Department of Agriculture is providing funding of €100,000 towards a new Dog Microchipping initiative the Minister for Agriculture, Food and the Marine, Simon Coveney has announced.
In order to assist animal welfare charities with their Microchipping initiatives, Minister Coveney said “I am making €100,000 available in order to facilitate the micochipping of dogs. Charities with a proven track record in this work are eligible to apply for funding from my Department under this measure.”
Under the new regulations owners must ensure that:
- all pups born from June 2015 onwards must be microchipped by the age of 12 weeks.
- from September onwards all pups being offered for sale must be identified by way of microchip.
- from March 2016 onwards, all dogs in the country must be microchipped.
Commenting on this, the Minister said that “Under the regulations, owners must not just ensure their dog is microchipped, they must also ensure that they are registered with correct contact details on an Authorised Database.”
Minister Coveney said that applications from a number of Databases have been received and as they are authorised, they are being listed on the Department of Agriculture’s website.
Puppy farms – Joint Inspection Regime
Minister Coveney also announced that a joint inspection regime of Dog Breeding Establishments, (“puppy farms”) involving Department of Agriculture, Food & the Marine veterinary inspectors and the veterinary services of the Local Authorities had commenced in recent weeks.
Over 50% of registered establishments have now been inspected and inspections are ongoing. The Department has also undertaken a number of inspections with the various NGO’s.
Sourcing of Pets
The Minister told delegates “When sourcing dogs, there are many charitable organisations such as Dogs Trust, DSPCA and ISPCA and many others who are involved in the rescue and re-homing of dogs, where you can acquire a pet suitable to your circumstances. In addition, there are many responsible breeders you can go to where you can be confident that the health and welfare of the animals have been well looked after.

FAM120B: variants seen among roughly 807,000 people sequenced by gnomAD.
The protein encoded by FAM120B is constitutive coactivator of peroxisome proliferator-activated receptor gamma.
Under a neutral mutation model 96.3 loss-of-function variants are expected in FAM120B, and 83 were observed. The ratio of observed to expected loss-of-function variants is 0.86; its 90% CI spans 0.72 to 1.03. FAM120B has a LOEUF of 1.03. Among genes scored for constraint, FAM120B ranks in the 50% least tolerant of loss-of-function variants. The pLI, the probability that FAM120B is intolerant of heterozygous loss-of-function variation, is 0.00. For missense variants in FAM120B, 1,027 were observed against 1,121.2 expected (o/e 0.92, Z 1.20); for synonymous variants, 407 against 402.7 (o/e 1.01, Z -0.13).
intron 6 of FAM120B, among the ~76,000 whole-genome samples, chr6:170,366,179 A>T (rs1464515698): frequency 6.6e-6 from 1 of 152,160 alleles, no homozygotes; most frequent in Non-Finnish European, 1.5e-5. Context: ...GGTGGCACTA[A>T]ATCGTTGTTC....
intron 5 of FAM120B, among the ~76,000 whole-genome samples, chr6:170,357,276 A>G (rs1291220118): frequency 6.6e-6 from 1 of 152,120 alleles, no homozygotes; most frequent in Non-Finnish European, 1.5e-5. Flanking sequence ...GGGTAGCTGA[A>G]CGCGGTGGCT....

These responsible breeders will be happy to show you the dogs in their home environment and can provide suitable supporting documentation in relation to the dog’s health, vaccination status, microchip number and registration. You should avoid buying dogs from unknown individuals and of unknown provenance as these are less likely to have been bred in a welfare satisfactory environment’.
Irish Pet Advertising Advisory Group’s (IPAAG) Minimum Standards for Online Classified Advertising Websites.
Commenting on the on-line advertising of pets, Minister Coveney endorsed the recently introduced Irish Pet Advertising Advisory Group’s (IPAAG) minimum standards for online advertising websites.
He said he is encouraged by the fact that animal welfare groups have worked together with the veterinary profession and with online retailers to develop guidelines for the advertising of animals online that will help ensure the welfare of animals being sold is protected.”